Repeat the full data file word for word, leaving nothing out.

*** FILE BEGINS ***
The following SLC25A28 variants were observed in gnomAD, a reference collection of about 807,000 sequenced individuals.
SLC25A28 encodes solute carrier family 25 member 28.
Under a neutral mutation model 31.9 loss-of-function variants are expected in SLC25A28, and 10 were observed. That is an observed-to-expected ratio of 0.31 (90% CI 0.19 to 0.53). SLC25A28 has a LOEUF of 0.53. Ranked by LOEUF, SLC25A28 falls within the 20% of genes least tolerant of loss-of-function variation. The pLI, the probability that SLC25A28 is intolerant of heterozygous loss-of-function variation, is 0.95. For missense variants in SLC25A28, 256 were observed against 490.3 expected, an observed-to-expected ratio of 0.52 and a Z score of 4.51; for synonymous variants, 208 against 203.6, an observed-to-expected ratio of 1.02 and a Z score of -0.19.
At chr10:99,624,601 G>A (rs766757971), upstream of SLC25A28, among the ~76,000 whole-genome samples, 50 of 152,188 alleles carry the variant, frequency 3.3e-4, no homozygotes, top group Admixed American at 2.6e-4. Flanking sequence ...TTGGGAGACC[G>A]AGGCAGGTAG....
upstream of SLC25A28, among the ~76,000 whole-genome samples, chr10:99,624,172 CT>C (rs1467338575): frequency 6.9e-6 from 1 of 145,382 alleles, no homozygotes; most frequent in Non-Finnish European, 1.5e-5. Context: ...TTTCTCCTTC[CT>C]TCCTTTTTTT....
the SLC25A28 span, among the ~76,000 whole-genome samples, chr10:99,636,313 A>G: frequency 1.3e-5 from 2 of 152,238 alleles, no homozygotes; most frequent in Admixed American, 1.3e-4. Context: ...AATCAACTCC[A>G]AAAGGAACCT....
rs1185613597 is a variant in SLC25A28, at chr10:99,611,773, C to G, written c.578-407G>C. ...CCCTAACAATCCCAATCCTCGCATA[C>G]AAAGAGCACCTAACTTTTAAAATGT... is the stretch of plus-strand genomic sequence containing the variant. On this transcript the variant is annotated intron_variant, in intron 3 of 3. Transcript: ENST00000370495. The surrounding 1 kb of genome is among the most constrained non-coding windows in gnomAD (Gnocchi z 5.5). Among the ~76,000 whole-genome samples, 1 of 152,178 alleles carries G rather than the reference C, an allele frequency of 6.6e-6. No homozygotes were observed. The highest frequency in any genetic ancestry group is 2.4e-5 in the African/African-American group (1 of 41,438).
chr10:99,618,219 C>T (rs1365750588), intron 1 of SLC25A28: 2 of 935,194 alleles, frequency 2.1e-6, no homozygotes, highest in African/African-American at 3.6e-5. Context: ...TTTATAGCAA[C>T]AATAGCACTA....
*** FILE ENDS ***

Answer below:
The following SLC25A28 variants were observed in gnomAD, a reference collection of about 807,000 sequenced individuals.
SLC25A28 encodes solute carrier family 25 member 28.
Under a neutral mutation model 31.9 loss-of-function variants are expected in SLC25A28, and 10 were observed. That is an observed-to-expected ratio of 0.31 (90% CI 0.19 to 0.53). SLC25A28 has a LOEUF of 0.53. Ranked by LOEUF, SLC25A28 falls within the 20% of genes least tolerant of loss-of-function variation. The pLI, the probability that SLC25A28 is intolerant of heterozygous loss-of-function variation, is 0.95. For missense variants in SLC25A28, 256 were observed against 490.3 expected, an observed-to-expected ratio of 0.52 and a Z score of 4.51; for synonymous variants, 208 against 203.6, an observed-to-expected ratio of 1.02 and a Z score of -0.19.
At chr10:99,624,601 G>A (rs766757971), upstream of SLC25A28, among the ~76,000 whole-genome samples, 50 of 152,188 alleles carry the variant, frequency 3.3e-4, no homozygotes, top group Admixed American at 2.6e-4. Flanking sequence ...TTGGGAGACC[G>A]AGGCAGGTAG....
upstream of SLC25A28, among the ~76,000 whole-genome samples, chr10:99,624,172 CT>C (rs1467338575): frequency 6.9e-6 from 1 of 145,382 alleles, no homozygotes; most frequent in Non-Finnish European, 1.5e-5. Context: ...TTTCTCCTTC[CT>C]TCCTTTTTTT....
the SLC25A28 span, among the ~76,000 whole-genome samples, chr10:99,636,313 A>G: frequency 1.3e-5 from 2 of 152,238 alleles, no homozygotes; most frequent in Admixed American, 1.3e-4. Context: ...AATCAACTCC[A>G]AAAGGAACCT....
rs1185613597 is a variant in SLC25A28, at chr10:99,611,773, C to G, written c.578-407G>C. ...CCCTAACAATCCCAATCCTCGCATA[C>G]AAAGAGCACCTAACTTTTAAAATGT... is the stretch of plus-strand genomic sequence containing the variant. On this transcript the variant is annotated intron_variant, in intron 3 of 3. Transcript: ENST00000370495. The surrounding 1 kb of genome is among the most constrained non-coding windows in gnomAD (Gnocchi z 5.5). Among the ~76,000 whole-genome samples, 1 of 152,178 alleles carries G rather than the reference C, an allele frequency of 6.6e-6. No homozygotes were observed. The highest frequency in any genetic ancestry group is 2.4e-5 in the African/African-American group (1 of 41,438).
chr10:99,618,219 C>T (rs1365750588), intron 1 of SLC25A28: 2 of 935,194 alleles, frequency 2.1e-6, no homozygotes, highest in African/African-American at 3.6e-5. Context: ...TTTATAGCAA[C>T]AATAGCACTA....